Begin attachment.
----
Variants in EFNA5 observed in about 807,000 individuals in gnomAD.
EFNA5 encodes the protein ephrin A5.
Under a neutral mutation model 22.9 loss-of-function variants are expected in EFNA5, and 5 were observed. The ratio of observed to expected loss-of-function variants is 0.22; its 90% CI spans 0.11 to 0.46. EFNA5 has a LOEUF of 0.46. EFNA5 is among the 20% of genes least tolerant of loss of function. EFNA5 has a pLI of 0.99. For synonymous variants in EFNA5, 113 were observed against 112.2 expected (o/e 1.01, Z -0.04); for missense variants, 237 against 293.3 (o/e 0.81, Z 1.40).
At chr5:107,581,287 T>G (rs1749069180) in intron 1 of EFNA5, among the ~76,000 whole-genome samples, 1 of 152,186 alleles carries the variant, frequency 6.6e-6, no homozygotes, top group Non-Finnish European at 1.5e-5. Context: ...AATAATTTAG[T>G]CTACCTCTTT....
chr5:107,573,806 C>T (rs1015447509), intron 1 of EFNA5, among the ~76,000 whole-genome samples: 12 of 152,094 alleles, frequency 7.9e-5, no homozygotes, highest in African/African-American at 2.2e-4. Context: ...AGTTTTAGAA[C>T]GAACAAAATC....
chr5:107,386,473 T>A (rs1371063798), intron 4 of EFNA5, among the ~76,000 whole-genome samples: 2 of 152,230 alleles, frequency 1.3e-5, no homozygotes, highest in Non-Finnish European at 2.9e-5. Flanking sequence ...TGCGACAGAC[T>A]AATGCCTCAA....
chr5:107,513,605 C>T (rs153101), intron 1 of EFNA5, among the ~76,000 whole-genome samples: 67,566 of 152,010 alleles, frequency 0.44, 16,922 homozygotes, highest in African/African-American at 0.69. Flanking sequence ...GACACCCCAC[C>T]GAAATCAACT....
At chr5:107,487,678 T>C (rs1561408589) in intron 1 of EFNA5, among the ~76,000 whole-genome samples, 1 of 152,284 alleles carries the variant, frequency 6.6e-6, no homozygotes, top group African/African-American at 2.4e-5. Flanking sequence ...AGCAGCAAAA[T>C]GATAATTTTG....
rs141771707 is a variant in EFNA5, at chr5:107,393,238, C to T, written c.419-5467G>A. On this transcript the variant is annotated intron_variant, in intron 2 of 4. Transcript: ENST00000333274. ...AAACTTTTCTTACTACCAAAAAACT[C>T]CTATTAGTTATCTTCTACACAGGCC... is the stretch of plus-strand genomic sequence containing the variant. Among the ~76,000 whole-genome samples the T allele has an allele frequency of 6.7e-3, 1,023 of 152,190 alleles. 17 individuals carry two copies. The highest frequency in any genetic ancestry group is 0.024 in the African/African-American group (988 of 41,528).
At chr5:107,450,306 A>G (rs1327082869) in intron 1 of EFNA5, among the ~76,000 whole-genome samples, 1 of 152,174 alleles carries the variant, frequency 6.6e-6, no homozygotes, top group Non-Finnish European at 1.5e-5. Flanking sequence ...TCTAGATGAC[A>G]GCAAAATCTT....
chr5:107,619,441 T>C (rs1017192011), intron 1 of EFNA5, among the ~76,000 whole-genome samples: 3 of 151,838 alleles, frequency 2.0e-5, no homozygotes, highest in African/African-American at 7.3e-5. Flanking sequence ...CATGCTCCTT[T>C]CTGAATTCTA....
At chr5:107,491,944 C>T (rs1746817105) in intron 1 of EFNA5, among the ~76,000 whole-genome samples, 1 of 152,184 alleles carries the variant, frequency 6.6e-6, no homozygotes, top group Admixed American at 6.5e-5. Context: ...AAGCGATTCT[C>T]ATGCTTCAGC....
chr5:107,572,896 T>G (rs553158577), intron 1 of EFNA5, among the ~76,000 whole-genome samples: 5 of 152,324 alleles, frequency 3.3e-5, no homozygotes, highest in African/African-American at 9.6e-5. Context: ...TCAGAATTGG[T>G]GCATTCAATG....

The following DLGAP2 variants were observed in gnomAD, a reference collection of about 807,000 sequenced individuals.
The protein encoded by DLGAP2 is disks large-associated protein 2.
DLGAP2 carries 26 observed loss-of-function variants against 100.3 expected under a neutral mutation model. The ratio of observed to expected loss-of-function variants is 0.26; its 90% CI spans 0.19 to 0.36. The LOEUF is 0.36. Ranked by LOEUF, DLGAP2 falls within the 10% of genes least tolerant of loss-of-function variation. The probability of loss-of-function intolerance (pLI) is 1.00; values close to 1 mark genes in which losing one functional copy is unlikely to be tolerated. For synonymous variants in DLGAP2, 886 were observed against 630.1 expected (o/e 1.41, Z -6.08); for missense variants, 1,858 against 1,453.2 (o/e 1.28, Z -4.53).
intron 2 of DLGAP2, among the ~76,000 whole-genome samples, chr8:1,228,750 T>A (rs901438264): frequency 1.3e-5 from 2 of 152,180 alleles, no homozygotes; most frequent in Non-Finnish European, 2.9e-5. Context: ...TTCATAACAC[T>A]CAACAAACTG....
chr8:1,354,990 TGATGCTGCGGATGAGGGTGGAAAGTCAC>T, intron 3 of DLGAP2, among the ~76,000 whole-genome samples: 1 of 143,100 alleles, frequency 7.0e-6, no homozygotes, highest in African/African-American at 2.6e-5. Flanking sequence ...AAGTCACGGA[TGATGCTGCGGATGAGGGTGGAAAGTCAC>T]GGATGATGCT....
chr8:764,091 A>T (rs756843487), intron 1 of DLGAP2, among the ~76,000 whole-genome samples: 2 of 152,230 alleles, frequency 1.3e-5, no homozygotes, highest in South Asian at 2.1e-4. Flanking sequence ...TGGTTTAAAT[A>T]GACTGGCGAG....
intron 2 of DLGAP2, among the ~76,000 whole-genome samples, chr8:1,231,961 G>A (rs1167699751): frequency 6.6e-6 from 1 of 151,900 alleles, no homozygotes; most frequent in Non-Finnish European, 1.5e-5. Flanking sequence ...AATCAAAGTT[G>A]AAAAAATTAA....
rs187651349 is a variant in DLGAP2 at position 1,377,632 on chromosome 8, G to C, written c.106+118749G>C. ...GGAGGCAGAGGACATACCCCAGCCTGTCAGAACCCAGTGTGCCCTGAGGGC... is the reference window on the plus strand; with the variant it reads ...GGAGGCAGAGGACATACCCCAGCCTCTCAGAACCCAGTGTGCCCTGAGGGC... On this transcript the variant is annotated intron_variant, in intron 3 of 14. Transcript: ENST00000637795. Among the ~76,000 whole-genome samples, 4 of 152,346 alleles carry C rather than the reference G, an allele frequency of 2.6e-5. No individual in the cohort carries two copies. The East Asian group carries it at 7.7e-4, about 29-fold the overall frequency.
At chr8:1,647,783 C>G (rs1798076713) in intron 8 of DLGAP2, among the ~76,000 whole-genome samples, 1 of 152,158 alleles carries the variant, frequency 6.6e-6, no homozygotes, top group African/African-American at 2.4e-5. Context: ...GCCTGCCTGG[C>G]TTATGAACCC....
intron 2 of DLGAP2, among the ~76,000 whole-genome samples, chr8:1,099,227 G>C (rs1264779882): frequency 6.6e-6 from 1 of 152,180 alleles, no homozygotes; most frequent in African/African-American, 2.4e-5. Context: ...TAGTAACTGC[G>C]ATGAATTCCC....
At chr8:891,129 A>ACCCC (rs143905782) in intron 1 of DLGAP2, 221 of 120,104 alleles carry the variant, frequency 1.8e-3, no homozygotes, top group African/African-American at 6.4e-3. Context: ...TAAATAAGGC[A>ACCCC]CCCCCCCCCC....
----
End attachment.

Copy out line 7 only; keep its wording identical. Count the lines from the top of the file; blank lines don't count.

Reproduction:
chr5:107,513,605 C>T (rs153101), intron 1 of EFNA5, among the ~76,000 whole-genome samples: 67,566 of 152,010 alleles, frequency 0.44, 16,922 homozygotes, highest in African/African-American at 0.69. Flanking sequence ...GACACCCCAC[C>T]GAAATCAACT....